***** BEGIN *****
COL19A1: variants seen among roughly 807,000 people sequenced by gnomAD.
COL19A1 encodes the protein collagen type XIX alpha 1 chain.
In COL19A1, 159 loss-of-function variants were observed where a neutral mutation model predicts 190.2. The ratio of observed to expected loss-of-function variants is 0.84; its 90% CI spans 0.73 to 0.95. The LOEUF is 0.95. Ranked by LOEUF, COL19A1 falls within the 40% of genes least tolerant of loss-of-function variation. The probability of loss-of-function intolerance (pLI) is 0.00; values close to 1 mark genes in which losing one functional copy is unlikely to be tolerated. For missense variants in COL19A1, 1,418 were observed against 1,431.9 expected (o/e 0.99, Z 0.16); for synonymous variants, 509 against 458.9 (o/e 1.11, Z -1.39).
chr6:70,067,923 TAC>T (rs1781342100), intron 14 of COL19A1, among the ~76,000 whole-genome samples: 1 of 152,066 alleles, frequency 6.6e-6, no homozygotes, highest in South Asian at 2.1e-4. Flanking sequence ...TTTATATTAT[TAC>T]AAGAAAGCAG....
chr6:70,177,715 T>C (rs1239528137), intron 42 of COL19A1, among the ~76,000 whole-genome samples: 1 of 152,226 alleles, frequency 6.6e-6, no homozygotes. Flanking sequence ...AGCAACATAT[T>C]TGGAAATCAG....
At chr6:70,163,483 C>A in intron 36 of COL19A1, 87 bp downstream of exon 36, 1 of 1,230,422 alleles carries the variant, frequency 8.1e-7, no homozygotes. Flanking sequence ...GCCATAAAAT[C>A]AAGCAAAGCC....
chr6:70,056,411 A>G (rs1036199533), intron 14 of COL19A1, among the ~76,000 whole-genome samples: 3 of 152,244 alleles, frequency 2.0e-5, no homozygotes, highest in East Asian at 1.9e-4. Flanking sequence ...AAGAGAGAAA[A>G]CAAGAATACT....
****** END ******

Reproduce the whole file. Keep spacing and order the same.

COL19A1: variants seen among roughly 807,000 people sequenced by gnomAD.
COL19A1 encodes the protein collagen type XIX alpha 1 chain.
In COL19A1, 159 loss-of-function variants were observed where a neutral mutation model predicts 190.2. The ratio of observed to expected loss-of-function variants is 0.84; its 90% CI spans 0.73 to 0.95. The LOEUF is 0.95. Ranked by LOEUF, COL19A1 falls within the 40% of genes least tolerant of loss-of-function variation. The probability of loss-of-function intolerance (pLI) is 0.00; values close to 1 mark genes in which losing one functional copy is unlikely to be tolerated. For missense variants in COL19A1, 1,418 were observed against 1,431.9 expected (o/e 0.99, Z 0.16); for synonymous variants, 509 against 458.9 (o/e 1.11, Z -1.39).
chr6:70,067,923 TAC>T (rs1781342100), intron 14 of COL19A1, among the ~76,000 whole-genome samples: 1 of 152,066 alleles, frequency 6.6e-6, no homozygotes, highest in South Asian at 2.1e-4. Flanking sequence ...TTTATATTAT[TAC>T]AAGAAAGCAG....
chr6:70,177,715 T>C (rs1239528137), intron 42 of COL19A1, among the ~76,000 whole-genome samples: 1 of 152,226 alleles, frequency 6.6e-6, no homozygotes. Flanking sequence ...AGCAACATAT[T>C]TGGAAATCAG....
At chr6:70,163,483 C>A in intron 36 of COL19A1, 87 bp downstream of exon 36, 1 of 1,230,422 alleles carries the variant, frequency 8.1e-7, no homozygotes. Flanking sequence ...GCCATAAAAT[C>A]AAGCAAAGCC....
chr6:70,056,411 A>G (rs1036199533), intron 14 of COL19A1, among the ~76,000 whole-genome samples: 3 of 152,244 alleles, frequency 2.0e-5, no homozygotes, highest in East Asian at 1.9e-4. Flanking sequence ...AAGAGAGAAA[A>G]CAAGAATACT....